Kinki (Sammi Cheng) and Andy (Andy Lau) contemplate office romance in Needing You… (2000).
Needing You…: Handsome biker Roger (Raymond Wong) vies for Kinki’s affections. ...
Johnnie To directed the final segment of Triangle (2007), employing Milkyway repertory players.
PTU: Music dominates sound effects as the PTU officers charge forward.
Linger (2008): When Yan (Li Bing Bing) witnesses a traffic accident, her racing heartbeat registers prominently on the sound track.
Linger (2008): At the hospital, a cardiograph elaborates the rhythmic beat motif.
Linger (2008): Searching for sleeping pills, Yan is startled by an offscreen noise. ...
... A reverse shot reveals the specter of Dong (Vic Chou).
At the climax of China coproduction Drug War (2012), Louis Koo is cuffed to the arm of Mainland actor Sun Hong-Lei.
Johnnie To embraced Mainland coproduction with Don’t Go Breaking My Heart (2011)…
…a return to the popular “office romance” genre.
Anticipatory cuing finds further expression in romantic comedy Needing You… / Goo naam gwa neui (Johnnie To, Wai Ka-fai, 2000). Lonely office worker Kinki (Sammi Cheng) misplaces her lucky amulet, a charm purported to improve its owner’s romantic fortunes. Later, Kinki’s boss Andy (Andy Lau) finds the amulet stuck to the heel of his shoe. As he climbs into his car, Andy casts the amulet on the wind but fails to notice the object being swept back into his car by a freak breeze. A twinkly music cue underscores the amulet’s improbable path, hinting at an act of fate. Still later, Andy discovers the object in his vehicle’s back seat, and again hurls it from his car. Now, as the object zips back into the vehicle, the sound track comically conveys and accents its insistent trajectory by means of a brief motorcycle “vroom.” This acoustic cue is both noticeable and subtle; though its incongruity generates humor, it is undercut and partly disguised by the ignition of Andy’s car engine, as he prepares to speed away. On the face of it, the incongruous motorcycle noise finds its raison d’etre in its creation of comic effect. But in Chappell and To’s hands, it presages a strand of plot action yet to emerge.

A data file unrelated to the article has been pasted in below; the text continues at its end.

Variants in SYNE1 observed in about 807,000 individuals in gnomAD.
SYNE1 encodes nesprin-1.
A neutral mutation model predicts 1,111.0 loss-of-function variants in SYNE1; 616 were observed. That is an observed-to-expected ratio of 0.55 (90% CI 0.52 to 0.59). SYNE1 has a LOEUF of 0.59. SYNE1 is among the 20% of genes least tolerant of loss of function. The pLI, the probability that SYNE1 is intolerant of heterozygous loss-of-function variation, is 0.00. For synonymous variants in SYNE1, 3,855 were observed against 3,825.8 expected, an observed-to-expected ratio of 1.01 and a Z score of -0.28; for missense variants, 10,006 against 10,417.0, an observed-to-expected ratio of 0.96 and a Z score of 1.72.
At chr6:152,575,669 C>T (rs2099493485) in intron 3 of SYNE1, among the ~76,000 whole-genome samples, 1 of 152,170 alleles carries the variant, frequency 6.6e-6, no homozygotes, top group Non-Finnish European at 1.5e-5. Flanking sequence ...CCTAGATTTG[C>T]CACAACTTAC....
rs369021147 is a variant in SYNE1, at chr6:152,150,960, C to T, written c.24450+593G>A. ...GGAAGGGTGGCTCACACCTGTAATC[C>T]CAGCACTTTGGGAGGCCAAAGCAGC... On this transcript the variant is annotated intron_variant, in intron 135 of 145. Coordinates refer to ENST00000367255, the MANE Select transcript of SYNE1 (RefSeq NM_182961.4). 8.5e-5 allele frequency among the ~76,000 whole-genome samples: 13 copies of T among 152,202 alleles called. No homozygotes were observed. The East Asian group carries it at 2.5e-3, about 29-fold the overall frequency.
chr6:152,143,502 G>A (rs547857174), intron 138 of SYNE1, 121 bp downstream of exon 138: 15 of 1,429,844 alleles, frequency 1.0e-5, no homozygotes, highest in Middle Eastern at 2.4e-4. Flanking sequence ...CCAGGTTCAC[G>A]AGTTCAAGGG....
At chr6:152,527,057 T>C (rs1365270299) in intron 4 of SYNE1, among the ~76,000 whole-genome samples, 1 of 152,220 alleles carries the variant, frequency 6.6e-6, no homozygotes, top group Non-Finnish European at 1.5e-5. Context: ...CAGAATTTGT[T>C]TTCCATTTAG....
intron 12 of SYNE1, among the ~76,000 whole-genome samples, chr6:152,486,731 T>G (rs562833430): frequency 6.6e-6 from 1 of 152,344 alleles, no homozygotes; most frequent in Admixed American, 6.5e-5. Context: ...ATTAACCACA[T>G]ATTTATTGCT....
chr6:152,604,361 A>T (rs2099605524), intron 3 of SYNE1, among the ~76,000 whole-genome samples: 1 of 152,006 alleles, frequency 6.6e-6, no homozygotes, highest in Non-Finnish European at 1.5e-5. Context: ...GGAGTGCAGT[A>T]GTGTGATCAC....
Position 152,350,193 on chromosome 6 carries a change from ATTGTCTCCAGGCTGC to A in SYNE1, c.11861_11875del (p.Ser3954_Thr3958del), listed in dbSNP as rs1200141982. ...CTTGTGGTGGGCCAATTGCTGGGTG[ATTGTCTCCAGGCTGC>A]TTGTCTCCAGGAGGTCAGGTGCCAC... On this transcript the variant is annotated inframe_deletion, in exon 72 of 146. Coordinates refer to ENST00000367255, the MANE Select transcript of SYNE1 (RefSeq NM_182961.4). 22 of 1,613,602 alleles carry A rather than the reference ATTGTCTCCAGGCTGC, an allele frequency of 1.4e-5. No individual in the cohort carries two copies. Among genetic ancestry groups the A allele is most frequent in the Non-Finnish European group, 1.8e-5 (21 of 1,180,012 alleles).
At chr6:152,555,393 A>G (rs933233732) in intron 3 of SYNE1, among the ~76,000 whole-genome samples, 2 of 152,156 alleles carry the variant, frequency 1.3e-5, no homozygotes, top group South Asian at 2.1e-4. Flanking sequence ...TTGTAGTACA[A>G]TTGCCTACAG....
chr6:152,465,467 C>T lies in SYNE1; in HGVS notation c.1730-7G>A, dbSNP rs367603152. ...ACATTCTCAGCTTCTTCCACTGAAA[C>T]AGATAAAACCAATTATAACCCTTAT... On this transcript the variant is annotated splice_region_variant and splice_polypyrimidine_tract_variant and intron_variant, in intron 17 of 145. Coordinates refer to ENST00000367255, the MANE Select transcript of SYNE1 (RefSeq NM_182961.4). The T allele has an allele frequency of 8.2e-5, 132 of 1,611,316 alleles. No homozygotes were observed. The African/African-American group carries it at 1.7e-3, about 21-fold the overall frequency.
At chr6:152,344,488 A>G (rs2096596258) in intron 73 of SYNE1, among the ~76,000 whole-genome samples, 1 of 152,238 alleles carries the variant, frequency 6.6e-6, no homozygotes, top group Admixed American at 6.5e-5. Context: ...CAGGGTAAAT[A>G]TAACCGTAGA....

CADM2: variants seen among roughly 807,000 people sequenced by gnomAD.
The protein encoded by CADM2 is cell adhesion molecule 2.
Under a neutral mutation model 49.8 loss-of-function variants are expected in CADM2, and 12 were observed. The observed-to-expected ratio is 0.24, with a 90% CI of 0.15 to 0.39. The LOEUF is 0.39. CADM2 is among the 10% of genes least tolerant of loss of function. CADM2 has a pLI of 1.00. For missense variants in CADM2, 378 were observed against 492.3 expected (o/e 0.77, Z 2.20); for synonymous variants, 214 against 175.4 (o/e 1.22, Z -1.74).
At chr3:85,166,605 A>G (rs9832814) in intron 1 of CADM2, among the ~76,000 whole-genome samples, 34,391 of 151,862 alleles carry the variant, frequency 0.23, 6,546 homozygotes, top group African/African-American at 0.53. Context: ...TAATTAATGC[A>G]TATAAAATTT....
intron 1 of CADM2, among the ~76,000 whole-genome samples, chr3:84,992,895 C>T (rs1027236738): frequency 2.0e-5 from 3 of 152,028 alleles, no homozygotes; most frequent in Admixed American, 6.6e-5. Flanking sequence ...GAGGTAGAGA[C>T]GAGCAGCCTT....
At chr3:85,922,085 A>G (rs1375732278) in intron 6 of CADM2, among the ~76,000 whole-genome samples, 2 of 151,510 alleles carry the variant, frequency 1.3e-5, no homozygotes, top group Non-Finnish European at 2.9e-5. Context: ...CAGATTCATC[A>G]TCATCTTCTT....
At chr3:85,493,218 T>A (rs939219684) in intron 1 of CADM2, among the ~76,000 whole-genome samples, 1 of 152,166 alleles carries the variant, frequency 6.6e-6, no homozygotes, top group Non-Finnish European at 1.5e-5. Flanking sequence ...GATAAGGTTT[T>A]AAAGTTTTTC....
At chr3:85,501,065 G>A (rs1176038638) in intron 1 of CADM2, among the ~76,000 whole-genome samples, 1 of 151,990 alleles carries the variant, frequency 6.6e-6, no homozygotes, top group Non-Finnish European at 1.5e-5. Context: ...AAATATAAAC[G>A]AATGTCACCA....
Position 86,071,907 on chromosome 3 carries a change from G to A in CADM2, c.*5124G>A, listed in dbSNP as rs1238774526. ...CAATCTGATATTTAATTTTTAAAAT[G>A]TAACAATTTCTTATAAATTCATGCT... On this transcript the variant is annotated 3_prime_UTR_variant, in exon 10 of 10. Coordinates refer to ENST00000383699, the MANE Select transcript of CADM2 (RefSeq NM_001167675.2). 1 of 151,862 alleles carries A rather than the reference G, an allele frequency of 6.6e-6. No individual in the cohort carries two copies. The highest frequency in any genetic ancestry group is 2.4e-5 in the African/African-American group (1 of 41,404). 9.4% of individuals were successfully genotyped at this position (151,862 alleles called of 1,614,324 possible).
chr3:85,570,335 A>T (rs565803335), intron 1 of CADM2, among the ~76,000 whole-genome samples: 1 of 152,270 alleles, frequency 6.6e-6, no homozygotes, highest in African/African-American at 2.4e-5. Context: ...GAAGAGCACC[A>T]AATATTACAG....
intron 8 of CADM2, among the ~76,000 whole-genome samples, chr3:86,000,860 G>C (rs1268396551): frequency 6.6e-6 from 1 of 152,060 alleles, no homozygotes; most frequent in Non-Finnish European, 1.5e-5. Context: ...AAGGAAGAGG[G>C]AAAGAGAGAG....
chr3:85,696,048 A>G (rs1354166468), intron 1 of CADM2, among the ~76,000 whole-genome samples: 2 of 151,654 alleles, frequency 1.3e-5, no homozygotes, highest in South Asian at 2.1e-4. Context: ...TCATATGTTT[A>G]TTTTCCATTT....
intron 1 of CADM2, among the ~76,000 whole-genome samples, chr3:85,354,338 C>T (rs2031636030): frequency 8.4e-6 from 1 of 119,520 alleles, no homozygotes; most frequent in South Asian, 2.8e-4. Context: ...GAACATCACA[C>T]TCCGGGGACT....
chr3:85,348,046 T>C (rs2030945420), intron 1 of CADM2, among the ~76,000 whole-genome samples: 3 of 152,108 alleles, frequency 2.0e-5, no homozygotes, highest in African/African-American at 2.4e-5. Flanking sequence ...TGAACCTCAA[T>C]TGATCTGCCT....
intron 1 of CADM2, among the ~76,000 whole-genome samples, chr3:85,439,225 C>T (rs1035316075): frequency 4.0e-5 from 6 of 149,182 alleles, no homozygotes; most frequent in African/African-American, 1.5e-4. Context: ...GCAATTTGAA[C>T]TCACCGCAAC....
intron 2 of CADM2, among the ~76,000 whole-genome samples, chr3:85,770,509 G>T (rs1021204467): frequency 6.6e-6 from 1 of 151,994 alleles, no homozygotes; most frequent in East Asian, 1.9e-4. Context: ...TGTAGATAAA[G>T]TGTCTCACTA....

As Andy comes to realize that he is attracted to Kinki, a love rival appears in the form of Roger (Raymond Wong), a seductive young biker whose motorcycle impresses the lovelorn woman. In a futile effort to compete, Andy decides to buy a motorcycle of his own. The amulet and the motorcycle, linked acoustically earlier in the film, now become explicitly interlinked: as we hear Andy instructing a bewildered assistant to find him a motorcycle, Johnnie To’s camera lingers on a close-up of the amulet. The following elliptical cut presents sensuous close-ups of Andy’s new machine. (As Andy mounts the vehicle, To self-consciously alludes to Lau’s heroic motorcyclist in A Moment of Romance / Tin joek jau cing (1990)—a hit movie produced by To. He then tartly punctures the allusion, as Andy, without having put the vehicle in motion, crashes to the ground.) Both the amulet and motorcycle motifs are crucial to the climactic romantic union. Reconciled with his car, Andy races to prevent Kinki from marrying Roger. When his car splutters to a halt, Andy clutches the lucky amulet in desperation. As if by divination, a mysterious motorcyclist arrives and offers Andy a ride, preparing the way for the anticipated romantic closure (and cuing another pungent reference to A Moment of Romance).
Here again the aesthetic of acoustic foreshadowing is given full play. The first appearance of the incongruous motorcycle noise adumbrates, in oblique but meaningful fashion, a major plotline to come. At the same time, meshing these two motifs is an entirely apt postsynching maneuver. Both the amulet and the motorcycle become inextricably linked as the narrative develops, integrally advancing the romance plot. As in our previous examples, the sound track of Needing You… comes forward as a communicative narrational device. It tacitly prepares forthcoming action (nothing narratively or visually augurs the motorcycle motif until Roger first enters the action) and hints at imbricated motifs that will resolve the fate-driven plot. The practice of anticipatory cueing at once bolsters formal unity and enriches narrative motifs.
Implicit in the foregoing examples is the primacy of the overall artwork. Though Chappell prepares sounds reel-by-reel, he subsumes discrete cues to the total narrative and visual structure. Sounds resurface across the entire film. They look forward to impending action. Chappell and To’s proclivity for anticipatory sound reflects this concern with the global story canvas. Moreover, such anticipatory tactics may plausibly be traced to the practice of large-scale postsynching. Presented with a more or less complete suite of images, the sound designer can map sonic effects across the entire composition of the work. This advantage is harder to obtain through direct sound recording alone, partly because sync sound does not deliver noises that are naturally strategic and patterned. [open endnotes in new window] Sync-sound films are also more likely to deploy music rather than sound effects to pattern the acoustic field, rolling out leitmotifs in lieu of non-musical sounds. By contrast, To and Chappell can plant and pattern sounds that range across the whole structure, thereby augmenting the film’s formal integrity. Moreover, their anticipatory cues reward repeat audio-viewings, since these cues’ communicative function becomes evident only in retrospect. Like To’s multifaceted visual tactics, his films’ sound tracks reveal their intricacies progressively upon repeat exposure.